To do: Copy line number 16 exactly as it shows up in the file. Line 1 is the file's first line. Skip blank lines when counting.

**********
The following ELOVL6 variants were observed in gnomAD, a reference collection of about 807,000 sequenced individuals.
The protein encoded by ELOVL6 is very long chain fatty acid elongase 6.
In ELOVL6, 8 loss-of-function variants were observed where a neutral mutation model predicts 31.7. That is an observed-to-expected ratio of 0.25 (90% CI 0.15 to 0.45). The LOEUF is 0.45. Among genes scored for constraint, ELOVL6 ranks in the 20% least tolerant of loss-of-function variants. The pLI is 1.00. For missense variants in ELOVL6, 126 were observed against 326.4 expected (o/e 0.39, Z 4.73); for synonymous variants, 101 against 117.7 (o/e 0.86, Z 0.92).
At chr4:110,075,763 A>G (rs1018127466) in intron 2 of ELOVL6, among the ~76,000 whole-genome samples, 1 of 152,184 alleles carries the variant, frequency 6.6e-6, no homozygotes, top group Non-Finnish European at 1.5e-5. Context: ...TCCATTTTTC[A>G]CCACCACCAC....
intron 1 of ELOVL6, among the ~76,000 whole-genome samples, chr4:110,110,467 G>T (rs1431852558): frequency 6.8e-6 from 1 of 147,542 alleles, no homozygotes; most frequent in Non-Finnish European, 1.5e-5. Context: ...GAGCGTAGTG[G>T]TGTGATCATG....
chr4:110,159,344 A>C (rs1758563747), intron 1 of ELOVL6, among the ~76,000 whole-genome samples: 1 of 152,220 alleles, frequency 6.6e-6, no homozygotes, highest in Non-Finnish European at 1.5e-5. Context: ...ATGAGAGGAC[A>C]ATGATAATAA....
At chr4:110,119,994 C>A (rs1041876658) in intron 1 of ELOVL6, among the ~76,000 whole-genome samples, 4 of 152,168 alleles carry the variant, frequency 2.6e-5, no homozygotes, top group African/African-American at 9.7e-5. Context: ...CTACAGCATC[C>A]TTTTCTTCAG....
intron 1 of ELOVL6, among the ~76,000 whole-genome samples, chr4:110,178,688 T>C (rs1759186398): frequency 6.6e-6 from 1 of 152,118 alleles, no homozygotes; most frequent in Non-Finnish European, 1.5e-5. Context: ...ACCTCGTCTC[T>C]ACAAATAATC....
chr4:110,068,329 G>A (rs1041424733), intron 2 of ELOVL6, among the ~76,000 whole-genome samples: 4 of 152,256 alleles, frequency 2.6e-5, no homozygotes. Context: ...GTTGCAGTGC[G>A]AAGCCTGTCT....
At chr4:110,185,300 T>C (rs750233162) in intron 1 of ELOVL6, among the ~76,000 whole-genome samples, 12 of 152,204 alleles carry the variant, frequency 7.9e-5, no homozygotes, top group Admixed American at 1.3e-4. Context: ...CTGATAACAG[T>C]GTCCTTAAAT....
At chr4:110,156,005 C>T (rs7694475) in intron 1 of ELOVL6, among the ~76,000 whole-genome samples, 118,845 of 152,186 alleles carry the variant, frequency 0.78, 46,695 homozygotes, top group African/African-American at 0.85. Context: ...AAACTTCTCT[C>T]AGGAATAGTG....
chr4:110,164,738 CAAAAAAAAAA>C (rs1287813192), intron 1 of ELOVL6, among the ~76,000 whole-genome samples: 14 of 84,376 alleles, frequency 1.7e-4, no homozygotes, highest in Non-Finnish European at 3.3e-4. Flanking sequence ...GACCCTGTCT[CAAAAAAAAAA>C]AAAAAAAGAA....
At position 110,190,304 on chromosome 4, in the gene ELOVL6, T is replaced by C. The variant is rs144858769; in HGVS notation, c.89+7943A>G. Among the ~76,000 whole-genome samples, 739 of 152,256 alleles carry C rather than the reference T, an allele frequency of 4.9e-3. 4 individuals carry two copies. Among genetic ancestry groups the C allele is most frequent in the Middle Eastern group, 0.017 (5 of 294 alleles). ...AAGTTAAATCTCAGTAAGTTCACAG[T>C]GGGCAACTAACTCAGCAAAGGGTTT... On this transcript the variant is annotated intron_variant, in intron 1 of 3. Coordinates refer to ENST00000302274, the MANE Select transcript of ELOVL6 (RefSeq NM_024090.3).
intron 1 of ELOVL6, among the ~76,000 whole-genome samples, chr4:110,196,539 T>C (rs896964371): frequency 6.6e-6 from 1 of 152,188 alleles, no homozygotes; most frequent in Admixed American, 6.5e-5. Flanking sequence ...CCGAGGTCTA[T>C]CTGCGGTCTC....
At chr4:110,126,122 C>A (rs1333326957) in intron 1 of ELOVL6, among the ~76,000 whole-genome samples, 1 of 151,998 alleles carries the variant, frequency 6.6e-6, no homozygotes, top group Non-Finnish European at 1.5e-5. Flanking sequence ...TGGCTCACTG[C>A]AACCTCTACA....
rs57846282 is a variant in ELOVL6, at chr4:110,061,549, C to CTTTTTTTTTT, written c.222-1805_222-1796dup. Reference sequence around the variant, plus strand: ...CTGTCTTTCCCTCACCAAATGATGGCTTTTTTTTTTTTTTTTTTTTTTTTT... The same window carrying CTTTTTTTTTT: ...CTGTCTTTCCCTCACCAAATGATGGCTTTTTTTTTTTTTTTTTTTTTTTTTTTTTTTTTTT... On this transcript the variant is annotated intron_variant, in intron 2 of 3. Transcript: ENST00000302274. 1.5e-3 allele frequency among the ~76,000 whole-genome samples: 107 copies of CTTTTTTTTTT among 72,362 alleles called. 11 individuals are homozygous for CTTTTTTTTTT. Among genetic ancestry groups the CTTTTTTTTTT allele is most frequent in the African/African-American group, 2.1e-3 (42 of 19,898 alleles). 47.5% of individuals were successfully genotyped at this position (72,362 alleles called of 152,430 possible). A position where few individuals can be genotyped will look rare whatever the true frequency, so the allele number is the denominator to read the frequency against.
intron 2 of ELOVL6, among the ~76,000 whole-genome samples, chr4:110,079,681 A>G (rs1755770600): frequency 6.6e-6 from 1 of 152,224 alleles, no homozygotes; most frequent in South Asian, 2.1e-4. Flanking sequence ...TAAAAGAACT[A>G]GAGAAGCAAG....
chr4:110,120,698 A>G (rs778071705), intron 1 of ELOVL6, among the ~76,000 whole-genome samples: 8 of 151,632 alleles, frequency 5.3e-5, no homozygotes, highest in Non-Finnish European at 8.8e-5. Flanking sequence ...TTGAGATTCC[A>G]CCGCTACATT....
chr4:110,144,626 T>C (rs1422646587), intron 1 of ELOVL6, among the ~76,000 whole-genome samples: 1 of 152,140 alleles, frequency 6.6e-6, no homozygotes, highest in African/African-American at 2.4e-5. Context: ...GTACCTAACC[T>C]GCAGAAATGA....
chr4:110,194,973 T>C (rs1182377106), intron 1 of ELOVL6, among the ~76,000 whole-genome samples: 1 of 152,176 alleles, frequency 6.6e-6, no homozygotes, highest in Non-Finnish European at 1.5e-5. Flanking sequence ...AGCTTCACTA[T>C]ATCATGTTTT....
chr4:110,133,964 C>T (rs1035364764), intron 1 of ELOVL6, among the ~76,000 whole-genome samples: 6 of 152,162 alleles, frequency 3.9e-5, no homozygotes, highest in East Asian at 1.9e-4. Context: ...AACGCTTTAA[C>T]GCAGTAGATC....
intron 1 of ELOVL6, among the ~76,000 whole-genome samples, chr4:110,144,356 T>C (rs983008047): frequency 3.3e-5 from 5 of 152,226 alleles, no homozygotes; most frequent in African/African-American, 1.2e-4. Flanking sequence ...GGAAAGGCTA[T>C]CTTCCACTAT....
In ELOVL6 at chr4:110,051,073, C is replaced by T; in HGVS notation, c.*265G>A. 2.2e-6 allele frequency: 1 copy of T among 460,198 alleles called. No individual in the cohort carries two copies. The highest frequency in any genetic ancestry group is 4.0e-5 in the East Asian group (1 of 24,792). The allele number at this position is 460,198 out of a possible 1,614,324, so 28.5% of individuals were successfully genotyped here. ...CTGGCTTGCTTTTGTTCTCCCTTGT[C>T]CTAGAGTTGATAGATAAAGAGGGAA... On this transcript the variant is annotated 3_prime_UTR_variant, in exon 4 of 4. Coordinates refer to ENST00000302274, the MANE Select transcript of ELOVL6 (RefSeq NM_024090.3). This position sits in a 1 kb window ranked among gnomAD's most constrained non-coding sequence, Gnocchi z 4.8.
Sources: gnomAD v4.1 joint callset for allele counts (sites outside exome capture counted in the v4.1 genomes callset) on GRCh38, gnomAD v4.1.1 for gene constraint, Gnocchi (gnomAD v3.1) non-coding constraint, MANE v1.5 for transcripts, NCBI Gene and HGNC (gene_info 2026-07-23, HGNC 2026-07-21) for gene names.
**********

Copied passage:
rs57846282 is a variant in ELOVL6, at chr4:110,061,549, C to CTTTTTTTTTT, written c.222-1805_222-1796dup. Reference sequence around the variant, plus strand: ...CTGTCTTTCCCTCACCAAATGATGGCTTTTTTTTTTTTTTTTTTTTTTTTT... The same window carrying CTTTTTTTTTT: ...CTGTCTTTCCCTCACCAAATGATGGCTTTTTTTTTTTTTTTTTTTTTTTTTTTTTTTTTTT... On this transcript the variant is annotated intron_variant, in intron 2 of 3. Transcript: ENST00000302274. 1.5e-3 allele frequency among the ~76,000 whole-genome samples: 107 copies of CTTTTTTTTTT among 72,362 alleles called. 11 individuals are homozygous for CTTTTTTTTTT. Among genetic ancestry groups the CTTTTTTTTTT allele is most frequent in the African/African-American group, 2.1e-3 (42 of 19,898 alleles). 47.5% of individuals were successfully genotyped at this position (72,362 alleles called of 152,430 possible). A position where few individuals can be genotyped will look rare whatever the true frequency, so the allele number is the denominator to read the frequency against.